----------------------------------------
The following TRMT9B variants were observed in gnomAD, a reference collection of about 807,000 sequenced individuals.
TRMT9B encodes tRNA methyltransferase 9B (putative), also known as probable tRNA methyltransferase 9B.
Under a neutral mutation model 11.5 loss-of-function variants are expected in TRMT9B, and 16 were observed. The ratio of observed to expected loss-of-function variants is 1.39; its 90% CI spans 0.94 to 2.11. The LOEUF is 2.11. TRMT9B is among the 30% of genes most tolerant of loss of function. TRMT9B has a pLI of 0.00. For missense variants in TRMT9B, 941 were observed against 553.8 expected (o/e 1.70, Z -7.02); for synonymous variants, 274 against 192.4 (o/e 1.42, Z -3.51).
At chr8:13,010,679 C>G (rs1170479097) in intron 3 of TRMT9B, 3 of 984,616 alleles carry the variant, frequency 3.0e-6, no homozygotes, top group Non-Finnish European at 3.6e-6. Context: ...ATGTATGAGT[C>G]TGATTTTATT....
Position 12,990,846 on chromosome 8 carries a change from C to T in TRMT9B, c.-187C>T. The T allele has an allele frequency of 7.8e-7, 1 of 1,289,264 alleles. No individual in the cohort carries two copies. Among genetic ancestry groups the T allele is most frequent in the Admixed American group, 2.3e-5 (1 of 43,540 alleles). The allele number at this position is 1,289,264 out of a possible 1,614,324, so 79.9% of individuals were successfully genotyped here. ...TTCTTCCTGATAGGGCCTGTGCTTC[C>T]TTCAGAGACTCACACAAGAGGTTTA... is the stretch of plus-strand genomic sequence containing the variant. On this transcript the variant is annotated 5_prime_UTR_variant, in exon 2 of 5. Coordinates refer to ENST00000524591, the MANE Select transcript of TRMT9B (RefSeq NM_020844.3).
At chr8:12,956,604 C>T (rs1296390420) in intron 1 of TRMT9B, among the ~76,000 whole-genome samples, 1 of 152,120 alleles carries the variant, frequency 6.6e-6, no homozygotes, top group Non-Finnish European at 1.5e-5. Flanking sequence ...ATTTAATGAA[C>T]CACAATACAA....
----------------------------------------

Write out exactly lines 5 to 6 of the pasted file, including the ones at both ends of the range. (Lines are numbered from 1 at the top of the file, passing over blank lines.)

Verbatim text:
Position 12,990,846 on chromosome 8 carries a change from C to T in TRMT9B, c.-187C>T. The T allele has an allele frequency of 7.8e-7, 1 of 1,289,264 alleles. No individual in the cohort carries two copies. Among genetic ancestry groups the T allele is most frequent in the Admixed American group, 2.3e-5 (1 of 43,540 alleles). The allele number at this position is 1,289,264 out of a possible 1,614,324, so 79.9% of individuals were successfully genotyped here. ...TTCTTCCTGATAGGGCCTGTGCTTC[C>T]TTCAGAGACTCACACAAGAGGTTTA... is the stretch of plus-strand genomic sequence containing the variant. On this transcript the variant is annotated 5_prime_UTR_variant, in exon 2 of 5. Coordinates refer to ENST00000524591, the MANE Select transcript of TRMT9B (RefSeq NM_020844.3).
At chr8:12,956,604 C>T (rs1296390420) in intron 1 of TRMT9B, among the ~76,000 whole-genome samples, 1 of 152,120 alleles carries the variant, frequency 6.6e-6, no homozygotes, top group Non-Finnish European at 1.5e-5. Flanking sequence ...ATTTAATGAA[C>T]CACAATACAA....